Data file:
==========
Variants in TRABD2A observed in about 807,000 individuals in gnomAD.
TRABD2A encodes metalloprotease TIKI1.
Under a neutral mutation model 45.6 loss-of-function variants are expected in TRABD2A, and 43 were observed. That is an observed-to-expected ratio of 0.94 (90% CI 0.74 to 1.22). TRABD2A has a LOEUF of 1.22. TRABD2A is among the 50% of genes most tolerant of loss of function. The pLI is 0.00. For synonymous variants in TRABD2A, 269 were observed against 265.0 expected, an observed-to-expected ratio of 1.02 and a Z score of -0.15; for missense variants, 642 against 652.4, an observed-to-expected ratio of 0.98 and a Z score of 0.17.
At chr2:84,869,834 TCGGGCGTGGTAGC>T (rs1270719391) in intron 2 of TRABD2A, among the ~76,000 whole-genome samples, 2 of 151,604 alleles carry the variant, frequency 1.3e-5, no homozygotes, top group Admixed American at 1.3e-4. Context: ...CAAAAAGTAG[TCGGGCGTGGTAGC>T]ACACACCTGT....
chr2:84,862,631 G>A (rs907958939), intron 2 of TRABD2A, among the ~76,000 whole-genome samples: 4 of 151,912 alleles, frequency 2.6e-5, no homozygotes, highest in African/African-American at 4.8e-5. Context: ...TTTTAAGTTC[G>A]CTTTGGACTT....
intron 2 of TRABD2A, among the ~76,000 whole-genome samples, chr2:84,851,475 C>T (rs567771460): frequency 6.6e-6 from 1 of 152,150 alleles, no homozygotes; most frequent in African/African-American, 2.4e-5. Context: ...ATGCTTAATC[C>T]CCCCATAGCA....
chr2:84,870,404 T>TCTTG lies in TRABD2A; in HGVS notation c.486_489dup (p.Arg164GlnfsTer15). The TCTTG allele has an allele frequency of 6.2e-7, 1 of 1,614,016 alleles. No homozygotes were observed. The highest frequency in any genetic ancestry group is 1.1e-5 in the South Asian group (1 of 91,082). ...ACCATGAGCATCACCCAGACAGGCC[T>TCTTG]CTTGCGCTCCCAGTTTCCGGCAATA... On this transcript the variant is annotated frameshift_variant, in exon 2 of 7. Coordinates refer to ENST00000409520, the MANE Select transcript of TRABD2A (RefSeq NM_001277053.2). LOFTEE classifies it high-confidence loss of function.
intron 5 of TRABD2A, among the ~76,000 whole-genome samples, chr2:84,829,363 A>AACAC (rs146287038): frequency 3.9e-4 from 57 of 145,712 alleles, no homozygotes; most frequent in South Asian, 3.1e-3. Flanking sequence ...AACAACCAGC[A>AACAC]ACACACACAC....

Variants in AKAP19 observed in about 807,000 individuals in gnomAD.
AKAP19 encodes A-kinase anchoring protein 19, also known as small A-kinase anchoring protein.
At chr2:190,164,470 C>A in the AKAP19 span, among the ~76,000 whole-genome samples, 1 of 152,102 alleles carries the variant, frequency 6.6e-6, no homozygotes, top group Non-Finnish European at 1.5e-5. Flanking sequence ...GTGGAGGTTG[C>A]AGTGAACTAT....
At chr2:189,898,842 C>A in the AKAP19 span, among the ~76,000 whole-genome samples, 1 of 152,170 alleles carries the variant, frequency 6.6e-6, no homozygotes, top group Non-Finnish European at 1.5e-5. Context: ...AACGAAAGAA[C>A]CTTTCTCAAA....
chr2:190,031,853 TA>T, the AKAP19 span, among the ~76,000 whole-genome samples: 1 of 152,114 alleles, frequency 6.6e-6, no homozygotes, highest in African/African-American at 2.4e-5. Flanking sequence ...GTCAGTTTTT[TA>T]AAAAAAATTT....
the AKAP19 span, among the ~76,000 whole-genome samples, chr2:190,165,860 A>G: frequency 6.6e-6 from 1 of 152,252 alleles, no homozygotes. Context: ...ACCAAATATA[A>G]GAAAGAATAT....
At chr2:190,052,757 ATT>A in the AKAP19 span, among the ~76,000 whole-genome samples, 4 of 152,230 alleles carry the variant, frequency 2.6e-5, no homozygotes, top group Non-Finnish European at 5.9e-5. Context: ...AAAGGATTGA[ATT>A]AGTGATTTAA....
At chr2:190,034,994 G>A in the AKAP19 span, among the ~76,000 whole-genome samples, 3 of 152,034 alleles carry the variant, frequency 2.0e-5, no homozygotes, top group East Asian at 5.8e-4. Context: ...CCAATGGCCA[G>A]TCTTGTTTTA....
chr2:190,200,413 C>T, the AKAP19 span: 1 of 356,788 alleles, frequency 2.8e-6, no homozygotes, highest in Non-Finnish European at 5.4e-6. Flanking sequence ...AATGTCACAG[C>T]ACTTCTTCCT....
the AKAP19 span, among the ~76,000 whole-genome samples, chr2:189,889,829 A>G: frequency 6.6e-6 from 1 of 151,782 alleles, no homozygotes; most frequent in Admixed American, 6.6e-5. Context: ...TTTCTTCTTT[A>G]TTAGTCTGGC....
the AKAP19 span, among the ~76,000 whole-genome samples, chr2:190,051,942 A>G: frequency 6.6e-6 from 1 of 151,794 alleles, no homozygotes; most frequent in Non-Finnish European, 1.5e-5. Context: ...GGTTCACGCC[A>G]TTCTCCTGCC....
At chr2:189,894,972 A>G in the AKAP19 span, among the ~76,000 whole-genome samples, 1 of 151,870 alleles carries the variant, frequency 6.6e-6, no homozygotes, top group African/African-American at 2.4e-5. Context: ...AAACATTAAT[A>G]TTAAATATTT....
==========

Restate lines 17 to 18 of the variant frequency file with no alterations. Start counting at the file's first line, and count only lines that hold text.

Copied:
chr2:190,200,413 C>T, the AKAP19 span: 1 of 356,788 alleles, frequency 2.8e-6, no homozygotes, highest in Non-Finnish European at 5.4e-6. Flanking sequence ...AATGTCACAG[C>T]ACTTCTTCCT....
the AKAP19 span, among the ~76,000 whole-genome samples, chr2:189,889,829 A>G: frequency 6.6e-6 from 1 of 151,782 alleles, no homozygotes; most frequent in Admixed American, 6.6e-5. Context: ...TTTCTTCTTT[A>G]TTAGTCTGGC....